The trend in current toys means kids of all kinds get to legitimately play for hours with all the cool fun stuff, while their brains are secretly regulating, adults shouldn’t feel left out. There are actually lots of fidget toys out there specifically targetting adults.  They look ‘more grown up’ but what’s wrong with having a small tin of putty in your handbag or a fidget cube in your pocket. Invariably, people make their own fidgets anyway. Clicking a pen, unwinding a paper clip, doodling on a pad with a pen, flicking a rubber band, tapping a knee, twiddling thumbs, squeezing a stress ball, drumming fingers on a table, fiddling with a ring or watch or any number of fidgetting actions. Take a few moments this week when you’re in a group of people to notice the fidgetters around you.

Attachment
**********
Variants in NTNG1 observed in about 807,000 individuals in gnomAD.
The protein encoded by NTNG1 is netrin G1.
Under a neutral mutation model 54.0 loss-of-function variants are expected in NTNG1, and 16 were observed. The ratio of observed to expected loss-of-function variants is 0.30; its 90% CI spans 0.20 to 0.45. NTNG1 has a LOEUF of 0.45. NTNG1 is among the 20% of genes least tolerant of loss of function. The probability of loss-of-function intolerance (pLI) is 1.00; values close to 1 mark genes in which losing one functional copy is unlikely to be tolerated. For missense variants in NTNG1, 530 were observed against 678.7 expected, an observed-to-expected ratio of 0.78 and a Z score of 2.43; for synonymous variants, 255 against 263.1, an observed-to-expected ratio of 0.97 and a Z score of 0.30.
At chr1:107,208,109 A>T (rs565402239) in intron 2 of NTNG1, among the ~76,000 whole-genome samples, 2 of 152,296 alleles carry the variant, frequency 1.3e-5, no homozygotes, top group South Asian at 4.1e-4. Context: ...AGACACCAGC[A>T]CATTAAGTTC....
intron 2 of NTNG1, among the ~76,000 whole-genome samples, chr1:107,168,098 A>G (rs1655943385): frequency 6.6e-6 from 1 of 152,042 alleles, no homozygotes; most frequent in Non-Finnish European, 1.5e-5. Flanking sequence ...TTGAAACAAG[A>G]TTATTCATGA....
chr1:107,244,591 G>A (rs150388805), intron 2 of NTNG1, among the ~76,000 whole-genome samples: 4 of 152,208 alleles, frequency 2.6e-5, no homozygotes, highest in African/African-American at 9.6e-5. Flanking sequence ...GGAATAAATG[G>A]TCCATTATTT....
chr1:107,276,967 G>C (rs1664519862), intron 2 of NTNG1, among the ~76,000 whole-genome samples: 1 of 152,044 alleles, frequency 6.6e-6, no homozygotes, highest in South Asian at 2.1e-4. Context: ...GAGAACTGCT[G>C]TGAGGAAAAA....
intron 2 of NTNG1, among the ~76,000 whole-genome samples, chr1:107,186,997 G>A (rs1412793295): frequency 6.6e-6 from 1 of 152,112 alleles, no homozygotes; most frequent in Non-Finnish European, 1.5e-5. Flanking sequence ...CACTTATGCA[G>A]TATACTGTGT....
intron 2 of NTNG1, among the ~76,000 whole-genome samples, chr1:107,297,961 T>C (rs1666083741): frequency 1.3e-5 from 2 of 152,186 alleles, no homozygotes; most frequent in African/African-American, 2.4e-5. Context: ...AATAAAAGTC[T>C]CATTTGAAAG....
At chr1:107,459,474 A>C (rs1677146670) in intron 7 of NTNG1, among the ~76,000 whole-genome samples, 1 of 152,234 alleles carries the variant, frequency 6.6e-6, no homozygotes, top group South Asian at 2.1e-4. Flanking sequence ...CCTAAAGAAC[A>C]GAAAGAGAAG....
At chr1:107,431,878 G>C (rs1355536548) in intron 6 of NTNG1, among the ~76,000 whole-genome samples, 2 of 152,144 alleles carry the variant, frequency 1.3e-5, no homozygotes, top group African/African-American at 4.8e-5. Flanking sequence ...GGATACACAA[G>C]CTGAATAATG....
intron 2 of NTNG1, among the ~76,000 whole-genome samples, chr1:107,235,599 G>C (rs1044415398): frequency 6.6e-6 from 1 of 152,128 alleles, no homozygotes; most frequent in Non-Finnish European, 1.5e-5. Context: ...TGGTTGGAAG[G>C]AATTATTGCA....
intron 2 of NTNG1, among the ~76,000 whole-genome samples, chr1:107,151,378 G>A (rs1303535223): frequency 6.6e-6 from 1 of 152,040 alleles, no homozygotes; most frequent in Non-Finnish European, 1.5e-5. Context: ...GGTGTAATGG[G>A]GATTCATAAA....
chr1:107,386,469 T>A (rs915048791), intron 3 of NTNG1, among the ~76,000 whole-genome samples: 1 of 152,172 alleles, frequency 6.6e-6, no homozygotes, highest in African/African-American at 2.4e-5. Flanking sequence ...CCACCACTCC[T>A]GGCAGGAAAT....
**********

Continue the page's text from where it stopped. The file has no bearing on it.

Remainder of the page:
It strikes me that if fidgetting helps concentration and focus for large numbers of people, that this fits in very well with my thoughts on experiential prayer. By deliberately touching and manipulating objects, not only does it help bring a sense of calmness, it also focusses concentration on the prayer.  While this style of praying doesn’t work for everyone, and could even be considered a bit of a gimmick by those who prefer stillness  there are others who will find this way to pray brings them closer to God than a words based prayer.

One of our young grandaughters has joined with a couple of friends and started a small slime making business. They sell only to their friends through their closed Instagram accounts. They make their own slime (google it if you want to try making it – it’s super easy) and then they make videos of the slime. She’ll spend hours making slime, playing with slime and watching videos of other people playing with slime. I asked her to make me a video for this blog post because I thought it was a great way of illustrating a fiddle and introducing an experiential, tactile, multi-sensory, fidget prayer.